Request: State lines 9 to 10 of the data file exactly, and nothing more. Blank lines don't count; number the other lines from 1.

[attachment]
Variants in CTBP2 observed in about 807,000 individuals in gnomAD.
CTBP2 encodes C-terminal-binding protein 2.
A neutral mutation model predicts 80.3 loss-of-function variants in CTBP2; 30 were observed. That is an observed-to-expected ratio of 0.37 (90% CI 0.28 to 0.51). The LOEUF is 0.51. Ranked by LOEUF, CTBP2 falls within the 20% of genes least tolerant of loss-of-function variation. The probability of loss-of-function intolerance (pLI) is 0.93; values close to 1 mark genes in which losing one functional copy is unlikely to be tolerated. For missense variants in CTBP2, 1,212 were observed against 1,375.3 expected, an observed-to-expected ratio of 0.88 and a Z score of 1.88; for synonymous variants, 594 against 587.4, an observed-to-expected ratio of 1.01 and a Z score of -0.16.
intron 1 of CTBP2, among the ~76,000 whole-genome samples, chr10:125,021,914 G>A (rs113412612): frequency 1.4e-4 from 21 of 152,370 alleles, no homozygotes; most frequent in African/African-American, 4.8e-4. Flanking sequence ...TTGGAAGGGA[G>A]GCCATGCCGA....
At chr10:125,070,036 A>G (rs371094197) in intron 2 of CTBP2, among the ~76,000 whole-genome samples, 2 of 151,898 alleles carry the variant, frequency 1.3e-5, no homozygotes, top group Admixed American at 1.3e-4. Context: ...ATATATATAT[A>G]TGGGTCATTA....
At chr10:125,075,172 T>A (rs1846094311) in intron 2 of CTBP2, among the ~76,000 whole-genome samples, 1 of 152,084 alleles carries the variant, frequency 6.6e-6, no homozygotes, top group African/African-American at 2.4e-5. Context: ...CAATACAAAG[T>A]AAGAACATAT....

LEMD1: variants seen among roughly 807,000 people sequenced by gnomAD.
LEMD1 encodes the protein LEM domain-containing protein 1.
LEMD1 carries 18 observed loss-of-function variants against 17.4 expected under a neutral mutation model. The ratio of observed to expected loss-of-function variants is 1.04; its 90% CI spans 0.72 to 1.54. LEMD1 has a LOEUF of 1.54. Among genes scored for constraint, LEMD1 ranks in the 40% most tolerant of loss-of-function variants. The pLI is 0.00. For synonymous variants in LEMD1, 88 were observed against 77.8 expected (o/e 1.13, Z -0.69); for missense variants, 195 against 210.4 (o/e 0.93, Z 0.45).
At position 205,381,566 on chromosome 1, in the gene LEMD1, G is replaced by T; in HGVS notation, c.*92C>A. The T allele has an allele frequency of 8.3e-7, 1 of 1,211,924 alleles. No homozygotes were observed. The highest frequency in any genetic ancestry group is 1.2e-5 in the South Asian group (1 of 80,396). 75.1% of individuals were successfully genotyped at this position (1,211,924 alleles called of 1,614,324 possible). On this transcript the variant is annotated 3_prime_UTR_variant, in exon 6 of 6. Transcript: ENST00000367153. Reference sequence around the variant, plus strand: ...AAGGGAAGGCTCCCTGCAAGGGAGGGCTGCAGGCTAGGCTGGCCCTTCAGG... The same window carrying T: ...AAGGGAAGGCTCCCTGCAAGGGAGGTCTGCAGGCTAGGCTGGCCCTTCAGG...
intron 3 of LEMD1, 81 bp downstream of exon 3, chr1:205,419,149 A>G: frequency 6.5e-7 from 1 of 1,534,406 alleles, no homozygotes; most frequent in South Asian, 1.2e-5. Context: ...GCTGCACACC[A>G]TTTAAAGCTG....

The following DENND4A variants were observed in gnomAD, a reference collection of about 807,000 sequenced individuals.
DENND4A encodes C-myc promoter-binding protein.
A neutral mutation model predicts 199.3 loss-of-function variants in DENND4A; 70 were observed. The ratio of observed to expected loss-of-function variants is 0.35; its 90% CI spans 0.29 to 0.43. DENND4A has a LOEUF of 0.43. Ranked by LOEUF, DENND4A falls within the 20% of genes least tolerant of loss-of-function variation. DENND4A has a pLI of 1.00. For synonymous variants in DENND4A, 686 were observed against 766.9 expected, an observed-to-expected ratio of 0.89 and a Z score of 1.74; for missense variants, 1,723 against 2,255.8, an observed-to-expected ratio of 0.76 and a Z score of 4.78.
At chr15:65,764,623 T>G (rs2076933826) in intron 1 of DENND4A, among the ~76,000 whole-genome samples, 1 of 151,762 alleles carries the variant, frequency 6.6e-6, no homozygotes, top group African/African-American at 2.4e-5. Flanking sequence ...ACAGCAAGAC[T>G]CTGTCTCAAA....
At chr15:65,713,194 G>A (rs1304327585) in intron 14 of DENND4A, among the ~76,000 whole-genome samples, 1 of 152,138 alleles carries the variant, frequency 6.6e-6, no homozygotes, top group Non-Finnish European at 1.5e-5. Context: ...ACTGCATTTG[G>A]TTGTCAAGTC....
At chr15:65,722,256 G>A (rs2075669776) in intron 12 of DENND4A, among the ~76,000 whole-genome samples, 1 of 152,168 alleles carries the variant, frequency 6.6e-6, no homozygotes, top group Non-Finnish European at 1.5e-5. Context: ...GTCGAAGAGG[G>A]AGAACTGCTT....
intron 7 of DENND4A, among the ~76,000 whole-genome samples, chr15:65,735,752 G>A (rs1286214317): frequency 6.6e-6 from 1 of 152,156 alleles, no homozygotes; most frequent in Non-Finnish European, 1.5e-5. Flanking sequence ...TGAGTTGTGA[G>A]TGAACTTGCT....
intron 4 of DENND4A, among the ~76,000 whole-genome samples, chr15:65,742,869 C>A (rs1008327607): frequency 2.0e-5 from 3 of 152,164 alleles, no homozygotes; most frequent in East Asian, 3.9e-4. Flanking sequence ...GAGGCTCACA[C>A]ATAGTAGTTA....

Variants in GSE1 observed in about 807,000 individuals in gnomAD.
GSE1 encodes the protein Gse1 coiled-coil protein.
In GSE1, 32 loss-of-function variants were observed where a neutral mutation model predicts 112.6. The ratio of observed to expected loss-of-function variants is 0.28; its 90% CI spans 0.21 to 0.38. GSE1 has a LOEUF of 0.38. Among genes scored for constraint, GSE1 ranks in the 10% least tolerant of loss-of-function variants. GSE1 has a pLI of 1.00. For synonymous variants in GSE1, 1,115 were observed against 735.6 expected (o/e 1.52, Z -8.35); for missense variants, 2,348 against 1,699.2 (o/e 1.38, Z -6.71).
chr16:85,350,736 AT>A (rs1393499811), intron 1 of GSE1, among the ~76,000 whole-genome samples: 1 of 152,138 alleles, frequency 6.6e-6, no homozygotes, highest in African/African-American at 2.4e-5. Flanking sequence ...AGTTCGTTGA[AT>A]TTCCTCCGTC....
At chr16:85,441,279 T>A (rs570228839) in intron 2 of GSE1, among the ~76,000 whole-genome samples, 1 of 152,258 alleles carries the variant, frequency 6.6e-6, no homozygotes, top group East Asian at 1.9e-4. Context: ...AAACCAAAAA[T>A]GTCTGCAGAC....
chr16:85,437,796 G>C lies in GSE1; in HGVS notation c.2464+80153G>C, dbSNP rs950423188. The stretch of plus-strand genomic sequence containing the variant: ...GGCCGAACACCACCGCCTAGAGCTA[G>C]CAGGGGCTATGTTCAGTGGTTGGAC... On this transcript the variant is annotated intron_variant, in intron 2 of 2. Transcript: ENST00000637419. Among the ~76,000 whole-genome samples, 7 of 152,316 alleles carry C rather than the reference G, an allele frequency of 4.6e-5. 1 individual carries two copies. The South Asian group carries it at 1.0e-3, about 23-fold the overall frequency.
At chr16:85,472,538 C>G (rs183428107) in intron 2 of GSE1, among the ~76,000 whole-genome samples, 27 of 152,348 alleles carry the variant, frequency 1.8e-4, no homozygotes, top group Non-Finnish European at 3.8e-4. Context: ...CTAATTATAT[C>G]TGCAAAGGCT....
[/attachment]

LEMD1 carries 18 observed loss-of-function variants against 17.4 expected under a neutral mutation model. The ratio of observed to expected loss-of-function variants is 1.04; its 90% CI spans 0.72 to 1.54. LEMD1 has a LOEUF of 1.54. Among genes scored for constraint, LEMD1 ranks in the 40% most tolerant of loss-of-function variants. The pLI is 0.00. For synonymous variants in LEMD1, 88 were observed against 77.8 expected (o/e 1.13, Z -0.69); for missense variants, 195 against 210.4 (o/e 0.93, Z 0.45).
At position 205,381,566 on chromosome 1, in the gene LEMD1, G is replaced by T; in HGVS notation, c.*92C>A. The T allele has an allele frequency of 8.3e-7, 1 of 1,211,924 alleles. No homozygotes were observed. The highest frequency in any genetic ancestry group is 1.2e-5 in the South Asian group (1 of 80,396). 75.1% of individuals were successfully genotyped at this position (1,211,924 alleles called of 1,614,324 possible). On this transcript the variant is annotated 3_prime_UTR_variant, in exon 6 of 6. Transcript: ENST00000367153. Reference sequence around the variant, plus strand: ...AAGGGAAGGCTCCCTGCAAGGGAGGGCTGCAGGCTAGGCTGGCCCTTCAGG... The same window carrying T: ...AAGGGAAGGCTCCCTGCAAGGGAGGTCTGCAGGCTAGGCTGGCCCTTCAGG...